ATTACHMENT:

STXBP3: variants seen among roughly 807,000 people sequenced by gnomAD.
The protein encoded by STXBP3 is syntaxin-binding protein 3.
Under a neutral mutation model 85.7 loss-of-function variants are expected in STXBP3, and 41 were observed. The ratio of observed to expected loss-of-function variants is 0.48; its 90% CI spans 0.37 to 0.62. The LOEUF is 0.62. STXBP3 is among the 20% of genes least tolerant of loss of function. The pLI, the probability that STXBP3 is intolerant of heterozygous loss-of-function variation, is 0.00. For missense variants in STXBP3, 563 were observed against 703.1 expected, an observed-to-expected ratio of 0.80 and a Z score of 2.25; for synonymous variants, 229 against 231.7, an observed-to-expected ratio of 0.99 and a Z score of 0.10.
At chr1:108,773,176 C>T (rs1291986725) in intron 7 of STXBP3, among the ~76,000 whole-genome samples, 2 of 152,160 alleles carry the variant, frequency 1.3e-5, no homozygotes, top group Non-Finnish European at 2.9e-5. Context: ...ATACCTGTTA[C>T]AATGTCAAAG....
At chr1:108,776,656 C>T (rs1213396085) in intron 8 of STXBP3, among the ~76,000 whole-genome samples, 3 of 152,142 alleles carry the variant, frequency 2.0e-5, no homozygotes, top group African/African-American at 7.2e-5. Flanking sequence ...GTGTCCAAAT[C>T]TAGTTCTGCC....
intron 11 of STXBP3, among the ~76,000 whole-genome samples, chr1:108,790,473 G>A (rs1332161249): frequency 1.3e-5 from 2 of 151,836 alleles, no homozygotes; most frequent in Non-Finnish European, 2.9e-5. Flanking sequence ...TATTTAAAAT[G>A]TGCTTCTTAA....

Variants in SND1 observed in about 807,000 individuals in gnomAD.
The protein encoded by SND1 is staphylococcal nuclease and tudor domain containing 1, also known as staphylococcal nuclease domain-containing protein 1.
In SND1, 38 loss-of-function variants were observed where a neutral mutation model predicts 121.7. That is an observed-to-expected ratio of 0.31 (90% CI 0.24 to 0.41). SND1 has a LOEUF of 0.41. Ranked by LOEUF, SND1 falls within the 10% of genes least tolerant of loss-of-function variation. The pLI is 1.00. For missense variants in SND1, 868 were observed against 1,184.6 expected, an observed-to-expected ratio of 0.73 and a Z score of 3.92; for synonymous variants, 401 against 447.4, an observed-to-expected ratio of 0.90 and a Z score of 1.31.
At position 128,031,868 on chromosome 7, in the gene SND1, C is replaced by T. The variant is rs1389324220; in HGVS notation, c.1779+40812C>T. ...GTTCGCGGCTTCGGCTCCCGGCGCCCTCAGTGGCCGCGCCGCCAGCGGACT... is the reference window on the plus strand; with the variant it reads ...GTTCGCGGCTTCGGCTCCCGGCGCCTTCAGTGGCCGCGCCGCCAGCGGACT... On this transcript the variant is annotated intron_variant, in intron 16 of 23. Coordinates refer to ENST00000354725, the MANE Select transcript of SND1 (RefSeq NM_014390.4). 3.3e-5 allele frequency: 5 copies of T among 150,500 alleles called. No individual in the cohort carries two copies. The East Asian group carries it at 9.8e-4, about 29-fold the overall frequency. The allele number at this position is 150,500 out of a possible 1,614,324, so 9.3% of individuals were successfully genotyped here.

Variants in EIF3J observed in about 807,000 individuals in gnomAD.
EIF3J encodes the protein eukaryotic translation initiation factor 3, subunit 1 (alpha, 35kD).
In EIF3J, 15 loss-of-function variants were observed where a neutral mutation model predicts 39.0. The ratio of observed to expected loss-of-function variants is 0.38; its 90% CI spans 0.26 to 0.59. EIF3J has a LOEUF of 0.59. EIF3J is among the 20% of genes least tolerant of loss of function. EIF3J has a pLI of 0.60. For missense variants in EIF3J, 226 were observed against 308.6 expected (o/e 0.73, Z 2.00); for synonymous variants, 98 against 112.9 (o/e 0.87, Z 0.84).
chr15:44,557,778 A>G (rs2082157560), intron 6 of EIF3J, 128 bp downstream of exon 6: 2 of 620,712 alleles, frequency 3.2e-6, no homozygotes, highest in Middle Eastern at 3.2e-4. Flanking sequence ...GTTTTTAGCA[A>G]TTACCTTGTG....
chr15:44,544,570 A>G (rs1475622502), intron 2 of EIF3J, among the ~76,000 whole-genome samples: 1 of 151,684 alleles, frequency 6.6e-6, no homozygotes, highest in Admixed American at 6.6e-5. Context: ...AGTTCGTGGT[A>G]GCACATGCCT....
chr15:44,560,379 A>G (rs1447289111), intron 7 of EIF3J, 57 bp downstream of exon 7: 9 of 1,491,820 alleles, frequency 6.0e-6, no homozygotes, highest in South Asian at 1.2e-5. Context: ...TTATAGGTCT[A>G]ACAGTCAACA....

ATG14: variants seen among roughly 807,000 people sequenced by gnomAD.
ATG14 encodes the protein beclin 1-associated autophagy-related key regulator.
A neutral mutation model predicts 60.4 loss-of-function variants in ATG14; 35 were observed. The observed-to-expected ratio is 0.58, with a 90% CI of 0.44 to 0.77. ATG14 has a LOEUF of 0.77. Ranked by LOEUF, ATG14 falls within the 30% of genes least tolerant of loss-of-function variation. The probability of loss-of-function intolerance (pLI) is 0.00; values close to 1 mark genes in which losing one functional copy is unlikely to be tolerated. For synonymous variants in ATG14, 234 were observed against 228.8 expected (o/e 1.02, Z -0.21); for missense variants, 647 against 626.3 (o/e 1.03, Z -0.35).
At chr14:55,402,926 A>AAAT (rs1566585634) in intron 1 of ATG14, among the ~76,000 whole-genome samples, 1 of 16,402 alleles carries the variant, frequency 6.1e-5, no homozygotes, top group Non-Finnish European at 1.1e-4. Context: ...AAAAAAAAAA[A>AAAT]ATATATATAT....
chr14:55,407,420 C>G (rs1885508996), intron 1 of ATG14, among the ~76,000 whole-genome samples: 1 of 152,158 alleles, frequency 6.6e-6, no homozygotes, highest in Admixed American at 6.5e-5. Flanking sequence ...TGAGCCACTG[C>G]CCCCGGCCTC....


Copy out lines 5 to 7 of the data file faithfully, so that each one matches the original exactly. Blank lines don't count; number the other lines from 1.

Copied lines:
At chr1:108,776,656 C>T (rs1213396085) in intron 8 of STXBP3, among the ~76,000 whole-genome samples, 3 of 152,142 alleles carry the variant, frequency 2.0e-5, no homozygotes, top group African/African-American at 7.2e-5. Flanking sequence ...GTGTCCAAAT[C>T]TAGTTCTGCC....
intron 11 of STXBP3, among the ~76,000 whole-genome samples, chr1:108,790,473 G>A (rs1332161249): frequency 1.3e-5 from 2 of 151,836 alleles, no homozygotes; most frequent in Non-Finnish European, 2.9e-5. Flanking sequence ...TATTTAAAAT[G>A]TGCTTCTTAA....

Variants in SND1 observed in about 807,000 individuals in gnomAD.